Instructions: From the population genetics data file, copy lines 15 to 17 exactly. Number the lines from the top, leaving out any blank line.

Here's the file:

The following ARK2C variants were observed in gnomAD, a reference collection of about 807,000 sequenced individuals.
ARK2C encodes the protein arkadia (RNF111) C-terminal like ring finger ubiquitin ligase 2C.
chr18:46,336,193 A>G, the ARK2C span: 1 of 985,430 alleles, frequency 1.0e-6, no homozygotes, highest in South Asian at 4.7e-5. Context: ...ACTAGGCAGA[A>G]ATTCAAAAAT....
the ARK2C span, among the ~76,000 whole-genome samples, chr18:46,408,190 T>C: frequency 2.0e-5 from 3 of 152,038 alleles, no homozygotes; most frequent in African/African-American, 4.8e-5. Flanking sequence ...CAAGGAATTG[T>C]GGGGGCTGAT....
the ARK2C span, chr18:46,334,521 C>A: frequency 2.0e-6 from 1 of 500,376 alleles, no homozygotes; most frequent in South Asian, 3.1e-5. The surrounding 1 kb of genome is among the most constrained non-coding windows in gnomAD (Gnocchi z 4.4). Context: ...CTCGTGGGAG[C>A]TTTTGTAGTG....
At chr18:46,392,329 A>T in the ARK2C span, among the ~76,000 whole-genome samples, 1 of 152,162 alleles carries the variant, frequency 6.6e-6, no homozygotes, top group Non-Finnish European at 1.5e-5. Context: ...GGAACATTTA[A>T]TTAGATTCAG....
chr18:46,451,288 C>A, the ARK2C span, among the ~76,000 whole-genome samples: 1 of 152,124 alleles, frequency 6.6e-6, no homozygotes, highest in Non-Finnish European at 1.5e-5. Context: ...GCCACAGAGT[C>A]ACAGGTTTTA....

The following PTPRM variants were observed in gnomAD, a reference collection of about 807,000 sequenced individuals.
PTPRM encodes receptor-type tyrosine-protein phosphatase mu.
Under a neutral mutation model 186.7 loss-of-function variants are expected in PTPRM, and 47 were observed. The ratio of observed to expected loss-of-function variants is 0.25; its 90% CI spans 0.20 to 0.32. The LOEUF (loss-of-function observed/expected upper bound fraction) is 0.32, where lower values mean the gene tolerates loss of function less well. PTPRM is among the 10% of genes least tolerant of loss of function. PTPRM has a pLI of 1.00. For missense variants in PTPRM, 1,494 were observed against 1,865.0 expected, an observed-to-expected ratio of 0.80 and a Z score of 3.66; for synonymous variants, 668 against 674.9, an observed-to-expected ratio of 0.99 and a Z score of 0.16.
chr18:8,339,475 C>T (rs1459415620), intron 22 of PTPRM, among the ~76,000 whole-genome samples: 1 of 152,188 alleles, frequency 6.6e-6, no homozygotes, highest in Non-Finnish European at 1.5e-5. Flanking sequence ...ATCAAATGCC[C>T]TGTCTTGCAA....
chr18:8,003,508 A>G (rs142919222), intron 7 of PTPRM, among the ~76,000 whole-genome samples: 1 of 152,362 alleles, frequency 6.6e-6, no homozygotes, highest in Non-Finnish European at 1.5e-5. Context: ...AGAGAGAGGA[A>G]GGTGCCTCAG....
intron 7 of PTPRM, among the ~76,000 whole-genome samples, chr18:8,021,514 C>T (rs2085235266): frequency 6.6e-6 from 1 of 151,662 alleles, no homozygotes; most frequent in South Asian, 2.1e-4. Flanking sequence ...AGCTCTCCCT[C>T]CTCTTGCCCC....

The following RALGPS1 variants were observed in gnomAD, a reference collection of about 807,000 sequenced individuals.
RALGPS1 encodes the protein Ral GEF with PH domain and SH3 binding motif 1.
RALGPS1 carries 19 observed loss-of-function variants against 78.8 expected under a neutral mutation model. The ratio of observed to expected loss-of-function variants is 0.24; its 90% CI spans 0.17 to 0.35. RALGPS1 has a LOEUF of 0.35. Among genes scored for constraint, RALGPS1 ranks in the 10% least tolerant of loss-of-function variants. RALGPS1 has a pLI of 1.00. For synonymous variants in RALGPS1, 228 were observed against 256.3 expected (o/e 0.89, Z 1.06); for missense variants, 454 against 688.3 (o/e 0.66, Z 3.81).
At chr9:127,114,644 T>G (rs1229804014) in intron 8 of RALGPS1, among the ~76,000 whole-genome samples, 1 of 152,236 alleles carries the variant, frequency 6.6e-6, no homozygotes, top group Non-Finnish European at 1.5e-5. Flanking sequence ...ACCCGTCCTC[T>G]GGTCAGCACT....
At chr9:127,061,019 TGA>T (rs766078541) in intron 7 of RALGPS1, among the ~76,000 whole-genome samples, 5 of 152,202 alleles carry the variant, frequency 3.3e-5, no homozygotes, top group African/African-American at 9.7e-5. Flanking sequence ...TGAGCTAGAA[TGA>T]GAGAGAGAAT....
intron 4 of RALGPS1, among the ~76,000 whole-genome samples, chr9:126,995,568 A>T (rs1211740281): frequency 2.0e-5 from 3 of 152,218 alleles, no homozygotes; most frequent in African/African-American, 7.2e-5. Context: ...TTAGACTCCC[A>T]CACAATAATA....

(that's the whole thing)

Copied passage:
RALGPS1 encodes the protein Ral GEF with PH domain and SH3 binding motif 1.
RALGPS1 carries 19 observed loss-of-function variants against 78.8 expected under a neutral mutation model. The ratio of observed to expected loss-of-function variants is 0.24; its 90% CI spans 0.17 to 0.35. RALGPS1 has a LOEUF of 0.35. Among genes scored for constraint, RALGPS1 ranks in the 10% least tolerant of loss-of-function variants. RALGPS1 has a pLI of 1.00. For synonymous variants in RALGPS1, 228 were observed against 256.3 expected (o/e 0.89, Z 1.06); for missense variants, 454 against 688.3 (o/e 0.66, Z 3.81).
At chr9:127,114,644 T>G (rs1229804014) in intron 8 of RALGPS1, among the ~76,000 whole-genome samples, 1 of 152,236 alleles carries the variant, frequency 6.6e-6, no homozygotes, top group Non-Finnish European at 1.5e-5. Flanking sequence ...ACCCGTCCTC[T>G]GGTCAGCACT....